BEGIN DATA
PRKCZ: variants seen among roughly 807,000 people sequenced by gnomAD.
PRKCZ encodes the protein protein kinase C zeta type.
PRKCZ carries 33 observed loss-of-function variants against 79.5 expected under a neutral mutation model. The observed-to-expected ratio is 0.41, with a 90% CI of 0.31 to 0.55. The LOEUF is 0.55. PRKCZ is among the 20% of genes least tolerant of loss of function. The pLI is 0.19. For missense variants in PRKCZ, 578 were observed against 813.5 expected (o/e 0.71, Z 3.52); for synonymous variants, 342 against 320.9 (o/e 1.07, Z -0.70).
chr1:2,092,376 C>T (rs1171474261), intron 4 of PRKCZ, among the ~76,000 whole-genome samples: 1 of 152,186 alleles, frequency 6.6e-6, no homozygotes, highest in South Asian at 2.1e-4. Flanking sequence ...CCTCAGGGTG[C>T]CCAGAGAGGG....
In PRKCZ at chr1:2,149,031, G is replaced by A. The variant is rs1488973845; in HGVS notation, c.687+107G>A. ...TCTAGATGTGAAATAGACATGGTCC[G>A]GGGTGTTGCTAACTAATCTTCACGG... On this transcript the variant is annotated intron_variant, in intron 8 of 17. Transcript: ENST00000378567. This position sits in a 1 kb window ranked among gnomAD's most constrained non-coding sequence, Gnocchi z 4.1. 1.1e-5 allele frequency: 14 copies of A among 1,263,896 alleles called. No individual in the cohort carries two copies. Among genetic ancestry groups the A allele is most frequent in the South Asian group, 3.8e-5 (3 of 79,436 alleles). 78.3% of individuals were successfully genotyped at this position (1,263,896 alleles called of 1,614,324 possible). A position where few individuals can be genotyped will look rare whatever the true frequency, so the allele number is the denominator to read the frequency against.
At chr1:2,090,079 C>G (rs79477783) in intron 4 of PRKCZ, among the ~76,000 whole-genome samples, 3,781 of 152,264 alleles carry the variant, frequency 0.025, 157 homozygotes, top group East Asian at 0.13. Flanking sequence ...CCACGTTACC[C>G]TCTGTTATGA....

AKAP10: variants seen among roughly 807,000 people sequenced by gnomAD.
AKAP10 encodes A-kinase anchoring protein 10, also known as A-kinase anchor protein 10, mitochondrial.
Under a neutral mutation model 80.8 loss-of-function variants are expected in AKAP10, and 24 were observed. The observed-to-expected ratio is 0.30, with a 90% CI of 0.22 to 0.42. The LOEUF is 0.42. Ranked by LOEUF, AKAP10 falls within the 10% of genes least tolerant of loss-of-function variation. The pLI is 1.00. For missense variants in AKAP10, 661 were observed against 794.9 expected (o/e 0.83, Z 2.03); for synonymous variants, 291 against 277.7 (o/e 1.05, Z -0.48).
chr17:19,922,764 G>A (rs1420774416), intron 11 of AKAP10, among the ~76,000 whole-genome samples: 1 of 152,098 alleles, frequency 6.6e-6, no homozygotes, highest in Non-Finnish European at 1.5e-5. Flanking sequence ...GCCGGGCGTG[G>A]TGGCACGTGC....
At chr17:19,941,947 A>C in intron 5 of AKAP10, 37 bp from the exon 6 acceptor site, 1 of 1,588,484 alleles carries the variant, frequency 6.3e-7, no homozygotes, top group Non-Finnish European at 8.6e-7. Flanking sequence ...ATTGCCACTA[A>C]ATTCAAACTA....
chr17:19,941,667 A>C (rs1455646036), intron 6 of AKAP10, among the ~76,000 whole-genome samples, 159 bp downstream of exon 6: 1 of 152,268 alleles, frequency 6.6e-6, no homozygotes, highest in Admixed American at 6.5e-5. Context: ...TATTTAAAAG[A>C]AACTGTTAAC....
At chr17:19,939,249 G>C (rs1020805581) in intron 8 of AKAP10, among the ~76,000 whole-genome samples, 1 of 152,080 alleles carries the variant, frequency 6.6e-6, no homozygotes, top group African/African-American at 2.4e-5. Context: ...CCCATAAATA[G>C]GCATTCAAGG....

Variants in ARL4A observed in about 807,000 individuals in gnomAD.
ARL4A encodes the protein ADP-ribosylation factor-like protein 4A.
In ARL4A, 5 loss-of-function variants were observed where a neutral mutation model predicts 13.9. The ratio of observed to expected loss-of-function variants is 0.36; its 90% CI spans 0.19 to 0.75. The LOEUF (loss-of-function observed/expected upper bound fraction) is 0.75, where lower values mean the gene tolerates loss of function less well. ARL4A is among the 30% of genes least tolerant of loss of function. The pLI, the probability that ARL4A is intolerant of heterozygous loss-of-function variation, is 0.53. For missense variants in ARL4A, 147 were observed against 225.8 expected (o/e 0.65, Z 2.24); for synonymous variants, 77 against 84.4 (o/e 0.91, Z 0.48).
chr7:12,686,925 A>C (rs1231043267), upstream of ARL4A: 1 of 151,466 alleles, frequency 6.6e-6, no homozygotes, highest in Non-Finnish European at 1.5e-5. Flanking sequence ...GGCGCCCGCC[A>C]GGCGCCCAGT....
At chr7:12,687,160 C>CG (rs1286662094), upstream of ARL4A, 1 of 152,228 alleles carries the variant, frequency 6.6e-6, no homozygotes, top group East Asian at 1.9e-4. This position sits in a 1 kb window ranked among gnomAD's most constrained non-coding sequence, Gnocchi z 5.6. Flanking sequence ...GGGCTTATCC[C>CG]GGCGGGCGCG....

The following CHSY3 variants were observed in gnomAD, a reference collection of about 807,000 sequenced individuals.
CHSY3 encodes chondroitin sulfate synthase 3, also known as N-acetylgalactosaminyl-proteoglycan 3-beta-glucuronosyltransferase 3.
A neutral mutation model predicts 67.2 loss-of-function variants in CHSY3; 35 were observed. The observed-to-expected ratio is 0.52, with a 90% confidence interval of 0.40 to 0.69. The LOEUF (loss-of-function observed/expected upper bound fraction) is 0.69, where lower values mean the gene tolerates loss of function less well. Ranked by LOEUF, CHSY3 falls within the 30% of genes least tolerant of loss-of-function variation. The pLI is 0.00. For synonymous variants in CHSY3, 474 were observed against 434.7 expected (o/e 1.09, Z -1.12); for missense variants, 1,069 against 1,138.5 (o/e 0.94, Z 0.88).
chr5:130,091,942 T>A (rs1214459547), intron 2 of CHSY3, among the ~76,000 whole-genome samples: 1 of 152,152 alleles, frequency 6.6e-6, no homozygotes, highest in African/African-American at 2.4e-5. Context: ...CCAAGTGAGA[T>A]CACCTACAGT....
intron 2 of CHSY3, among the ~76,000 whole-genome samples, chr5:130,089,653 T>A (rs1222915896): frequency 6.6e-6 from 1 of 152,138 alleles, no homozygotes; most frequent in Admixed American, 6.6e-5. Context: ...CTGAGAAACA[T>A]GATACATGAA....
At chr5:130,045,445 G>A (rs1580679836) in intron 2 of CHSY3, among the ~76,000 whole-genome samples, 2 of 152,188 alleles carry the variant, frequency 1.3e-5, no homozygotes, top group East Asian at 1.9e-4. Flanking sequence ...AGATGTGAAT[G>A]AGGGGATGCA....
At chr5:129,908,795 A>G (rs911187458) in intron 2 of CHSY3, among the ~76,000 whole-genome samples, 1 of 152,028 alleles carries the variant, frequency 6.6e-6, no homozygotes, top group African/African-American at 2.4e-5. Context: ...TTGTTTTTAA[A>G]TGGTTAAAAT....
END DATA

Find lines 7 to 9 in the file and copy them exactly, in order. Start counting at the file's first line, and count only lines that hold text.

AKAP10: variants seen among roughly 807,000 people sequenced by gnomAD.
AKAP10 encodes A-kinase anchoring protein 10, also known as A-kinase anchor protein 10, mitochondrial.
Under a neutral mutation model 80.8 loss-of-function variants are expected in AKAP10, and 24 were observed. The observed-to-expected ratio is 0.30, with a 90% CI of 0.22 to 0.42. The LOEUF is 0.42. Ranked by LOEUF, AKAP10 falls within the 10% of genes least tolerant of loss-of-function variation. The pLI is 1.00. For missense variants in AKAP10, 661 were observed against 794.9 expected (o/e 0.83, Z 2.03); for synonymous variants, 291 against 277.7 (o/e 1.05, Z -0.48).